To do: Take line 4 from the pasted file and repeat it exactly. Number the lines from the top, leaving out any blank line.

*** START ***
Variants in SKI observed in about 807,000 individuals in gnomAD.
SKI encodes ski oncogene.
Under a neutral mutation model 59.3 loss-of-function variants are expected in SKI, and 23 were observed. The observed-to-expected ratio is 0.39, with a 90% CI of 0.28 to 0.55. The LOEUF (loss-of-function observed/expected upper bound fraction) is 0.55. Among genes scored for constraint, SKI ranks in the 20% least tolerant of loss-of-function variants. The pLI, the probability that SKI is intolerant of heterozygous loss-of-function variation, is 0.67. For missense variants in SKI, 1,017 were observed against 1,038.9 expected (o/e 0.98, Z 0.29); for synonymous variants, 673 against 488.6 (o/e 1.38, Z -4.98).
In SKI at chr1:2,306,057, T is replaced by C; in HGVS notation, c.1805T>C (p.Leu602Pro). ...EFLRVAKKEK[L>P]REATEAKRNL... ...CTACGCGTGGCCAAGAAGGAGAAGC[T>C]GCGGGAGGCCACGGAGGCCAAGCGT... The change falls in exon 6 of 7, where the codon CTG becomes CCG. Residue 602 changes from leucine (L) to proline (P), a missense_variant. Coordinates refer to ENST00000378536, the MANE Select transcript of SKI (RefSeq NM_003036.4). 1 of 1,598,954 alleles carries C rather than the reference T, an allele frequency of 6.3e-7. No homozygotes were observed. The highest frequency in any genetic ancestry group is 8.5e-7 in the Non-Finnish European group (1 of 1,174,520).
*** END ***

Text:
In SKI at chr1:2,306,057, T is replaced by C; in HGVS notation, c.1805T>C (p.Leu602Pro). ...EFLRVAKKEK[L>P]REATEAKRNL... ...CTACGCGTGGCCAAGAAGGAGAAGC[T>C]GCGGGAGGCCACGGAGGCCAAGCGT... The change falls in exon 6 of 7, where the codon CTG becomes CCG. Residue 602 changes from leucine (L) to proline (P), a missense_variant. Coordinates refer to ENST00000378536, the MANE Select transcript of SKI (RefSeq NM_003036.4). 1 of 1,598,954 alleles carries C rather than the reference T, an allele frequency of 6.3e-7. No homozygotes were observed. The highest frequency in any genetic ancestry group is 8.5e-7 in the Non-Finnish European group (1 of 1,174,520).